"If you can fabricate them on orbit, you can launch the raw material in a much more compact form, and you can design them for the microgravity environment of space rather than the tens of Gs of launch," he said. "The combination of reduction in launch volume and mass, and the ability to make it bigger than you could possibly fold up into a rocket, means you can get an order of magnitude improvements of performance in cost."
Tethers Unlimited is focused on creating what's call a trusselator, a machine that takes spools of carbon fiber material and knits it together to build high-performance carbon fiber trusses, which can be used to build antennas or solar arrays.
So far, a prototype trusselator has been used to build a truss that was more than 52-feet long.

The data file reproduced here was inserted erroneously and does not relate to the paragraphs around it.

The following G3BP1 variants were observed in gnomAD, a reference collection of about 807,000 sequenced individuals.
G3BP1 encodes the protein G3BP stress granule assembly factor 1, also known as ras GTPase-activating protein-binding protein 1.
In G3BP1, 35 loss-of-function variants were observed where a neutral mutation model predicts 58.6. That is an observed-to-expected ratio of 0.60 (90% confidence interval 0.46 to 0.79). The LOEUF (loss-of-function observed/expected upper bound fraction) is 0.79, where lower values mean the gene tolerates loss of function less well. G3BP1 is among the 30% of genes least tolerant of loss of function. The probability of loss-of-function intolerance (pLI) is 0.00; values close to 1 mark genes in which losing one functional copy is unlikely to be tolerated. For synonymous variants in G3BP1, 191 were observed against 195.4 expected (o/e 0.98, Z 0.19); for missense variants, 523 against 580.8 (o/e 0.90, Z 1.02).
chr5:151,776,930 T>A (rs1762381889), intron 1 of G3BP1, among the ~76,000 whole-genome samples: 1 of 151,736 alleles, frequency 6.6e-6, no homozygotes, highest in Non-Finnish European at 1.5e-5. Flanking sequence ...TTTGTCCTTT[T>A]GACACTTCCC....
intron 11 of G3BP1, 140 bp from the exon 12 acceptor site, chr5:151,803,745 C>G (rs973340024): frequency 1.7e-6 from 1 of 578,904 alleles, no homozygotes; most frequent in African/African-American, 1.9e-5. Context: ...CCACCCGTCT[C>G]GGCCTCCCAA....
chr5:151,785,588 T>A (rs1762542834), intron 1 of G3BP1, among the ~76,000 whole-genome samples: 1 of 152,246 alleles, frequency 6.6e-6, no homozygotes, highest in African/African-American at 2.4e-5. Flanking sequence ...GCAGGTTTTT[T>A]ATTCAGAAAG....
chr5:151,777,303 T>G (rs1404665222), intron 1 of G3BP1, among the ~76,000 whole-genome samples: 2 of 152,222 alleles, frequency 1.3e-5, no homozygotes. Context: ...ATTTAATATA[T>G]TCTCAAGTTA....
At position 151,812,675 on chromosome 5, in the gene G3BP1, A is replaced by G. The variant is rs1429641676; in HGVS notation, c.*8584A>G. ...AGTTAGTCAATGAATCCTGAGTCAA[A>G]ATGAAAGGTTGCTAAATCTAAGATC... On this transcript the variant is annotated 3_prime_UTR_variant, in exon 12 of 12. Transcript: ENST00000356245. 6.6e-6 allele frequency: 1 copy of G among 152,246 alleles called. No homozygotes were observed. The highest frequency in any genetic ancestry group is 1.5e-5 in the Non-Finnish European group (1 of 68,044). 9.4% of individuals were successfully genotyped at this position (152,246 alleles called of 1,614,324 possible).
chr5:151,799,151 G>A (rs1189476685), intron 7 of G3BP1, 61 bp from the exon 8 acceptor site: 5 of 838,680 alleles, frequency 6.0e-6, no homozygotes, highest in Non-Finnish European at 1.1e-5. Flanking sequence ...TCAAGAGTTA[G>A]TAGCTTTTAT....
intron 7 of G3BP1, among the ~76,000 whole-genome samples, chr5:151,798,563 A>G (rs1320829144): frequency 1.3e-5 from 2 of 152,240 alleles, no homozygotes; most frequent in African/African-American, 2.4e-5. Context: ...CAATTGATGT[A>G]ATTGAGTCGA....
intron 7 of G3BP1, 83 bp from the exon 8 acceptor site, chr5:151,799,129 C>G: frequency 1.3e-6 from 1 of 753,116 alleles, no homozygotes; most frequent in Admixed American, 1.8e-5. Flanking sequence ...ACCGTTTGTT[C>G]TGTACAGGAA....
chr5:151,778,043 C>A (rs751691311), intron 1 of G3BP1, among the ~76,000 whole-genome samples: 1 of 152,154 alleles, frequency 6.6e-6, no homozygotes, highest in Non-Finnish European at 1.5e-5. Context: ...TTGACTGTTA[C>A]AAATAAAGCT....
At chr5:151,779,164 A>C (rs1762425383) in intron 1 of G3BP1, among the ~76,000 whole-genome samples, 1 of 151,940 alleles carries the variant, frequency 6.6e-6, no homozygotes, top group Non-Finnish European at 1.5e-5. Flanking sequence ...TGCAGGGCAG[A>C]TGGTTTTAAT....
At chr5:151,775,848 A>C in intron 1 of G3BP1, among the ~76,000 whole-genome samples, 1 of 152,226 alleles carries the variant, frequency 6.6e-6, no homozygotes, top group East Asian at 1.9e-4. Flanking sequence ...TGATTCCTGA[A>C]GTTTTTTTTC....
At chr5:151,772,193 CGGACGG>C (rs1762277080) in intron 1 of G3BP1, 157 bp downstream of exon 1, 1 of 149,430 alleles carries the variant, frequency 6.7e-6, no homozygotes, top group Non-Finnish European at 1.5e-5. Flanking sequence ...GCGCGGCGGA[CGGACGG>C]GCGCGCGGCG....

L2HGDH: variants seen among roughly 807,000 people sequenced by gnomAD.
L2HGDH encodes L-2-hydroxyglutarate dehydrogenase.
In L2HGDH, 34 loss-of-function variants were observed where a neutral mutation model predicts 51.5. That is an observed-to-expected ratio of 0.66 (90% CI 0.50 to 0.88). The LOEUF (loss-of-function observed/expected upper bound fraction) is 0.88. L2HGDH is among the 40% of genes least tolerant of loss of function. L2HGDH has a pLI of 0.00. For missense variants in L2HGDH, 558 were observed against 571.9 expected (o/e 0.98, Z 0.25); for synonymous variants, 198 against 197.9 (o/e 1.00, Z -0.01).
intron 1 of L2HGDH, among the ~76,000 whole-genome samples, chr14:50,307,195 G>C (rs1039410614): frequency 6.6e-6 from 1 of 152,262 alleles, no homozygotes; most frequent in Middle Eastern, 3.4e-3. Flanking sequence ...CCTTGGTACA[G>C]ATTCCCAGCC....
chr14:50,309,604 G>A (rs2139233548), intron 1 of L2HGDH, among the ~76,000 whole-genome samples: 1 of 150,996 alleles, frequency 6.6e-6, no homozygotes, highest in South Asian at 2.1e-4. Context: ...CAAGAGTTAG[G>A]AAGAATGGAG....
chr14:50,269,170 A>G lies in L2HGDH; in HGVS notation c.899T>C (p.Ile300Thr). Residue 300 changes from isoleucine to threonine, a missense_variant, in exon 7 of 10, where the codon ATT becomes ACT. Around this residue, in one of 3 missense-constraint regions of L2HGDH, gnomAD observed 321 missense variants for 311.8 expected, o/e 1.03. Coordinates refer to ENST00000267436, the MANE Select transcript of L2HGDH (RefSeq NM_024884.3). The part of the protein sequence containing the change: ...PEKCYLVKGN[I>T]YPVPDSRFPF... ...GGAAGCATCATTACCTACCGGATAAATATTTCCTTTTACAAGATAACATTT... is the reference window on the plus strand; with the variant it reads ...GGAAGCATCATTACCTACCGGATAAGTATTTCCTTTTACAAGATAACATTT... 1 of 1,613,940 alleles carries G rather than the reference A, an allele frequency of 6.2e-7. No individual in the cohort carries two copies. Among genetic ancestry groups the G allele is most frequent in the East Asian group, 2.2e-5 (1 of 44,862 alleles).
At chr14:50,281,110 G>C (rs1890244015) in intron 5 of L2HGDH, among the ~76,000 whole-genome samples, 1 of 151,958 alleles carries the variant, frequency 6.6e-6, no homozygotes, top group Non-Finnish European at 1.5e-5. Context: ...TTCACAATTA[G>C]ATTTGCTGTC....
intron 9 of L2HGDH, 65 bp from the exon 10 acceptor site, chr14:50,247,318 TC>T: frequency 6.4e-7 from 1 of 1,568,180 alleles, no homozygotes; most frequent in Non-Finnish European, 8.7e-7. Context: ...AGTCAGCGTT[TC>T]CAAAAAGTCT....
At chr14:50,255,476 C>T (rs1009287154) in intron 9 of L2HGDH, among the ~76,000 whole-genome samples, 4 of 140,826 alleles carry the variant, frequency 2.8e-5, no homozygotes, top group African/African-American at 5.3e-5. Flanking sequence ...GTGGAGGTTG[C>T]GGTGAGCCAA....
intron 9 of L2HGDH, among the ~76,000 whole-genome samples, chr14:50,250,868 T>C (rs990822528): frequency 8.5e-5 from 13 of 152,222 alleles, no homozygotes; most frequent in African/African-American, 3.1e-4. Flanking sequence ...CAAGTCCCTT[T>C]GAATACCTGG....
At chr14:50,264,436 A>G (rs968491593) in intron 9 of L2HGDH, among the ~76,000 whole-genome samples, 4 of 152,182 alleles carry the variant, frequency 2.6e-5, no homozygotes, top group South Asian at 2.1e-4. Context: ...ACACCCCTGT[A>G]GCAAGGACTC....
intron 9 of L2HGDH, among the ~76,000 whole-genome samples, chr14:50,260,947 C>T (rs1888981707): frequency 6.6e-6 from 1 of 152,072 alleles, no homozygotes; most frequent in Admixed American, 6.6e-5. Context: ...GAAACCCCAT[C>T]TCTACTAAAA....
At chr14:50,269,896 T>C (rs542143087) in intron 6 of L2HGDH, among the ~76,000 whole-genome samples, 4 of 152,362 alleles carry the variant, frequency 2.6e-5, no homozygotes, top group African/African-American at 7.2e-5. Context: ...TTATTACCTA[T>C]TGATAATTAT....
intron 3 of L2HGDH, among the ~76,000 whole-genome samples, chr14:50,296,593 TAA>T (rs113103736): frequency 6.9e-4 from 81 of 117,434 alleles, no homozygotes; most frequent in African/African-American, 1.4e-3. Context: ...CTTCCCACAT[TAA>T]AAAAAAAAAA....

The 3D printers needed to build these large structures in space would look and function much differently.
"It isn't a typical 3D printer," Hoyt said. "The printers people use now are typically a big box that can make something smaller than that box. We want to have a tool that can make something much, much larger than itself. We're trying to figure out how to turn the 3D printer inside out. We need a tool that can act like a tiny spider building up a big web. And we have to figure out how to control the temperature of the materials while we're processing them — and doing this in orbit where the temperatures vary by hundreds of degrees. That's a big challenge we need to address."
A big step for the company will be to test the manufacturing platform on the International Space Station in several years.
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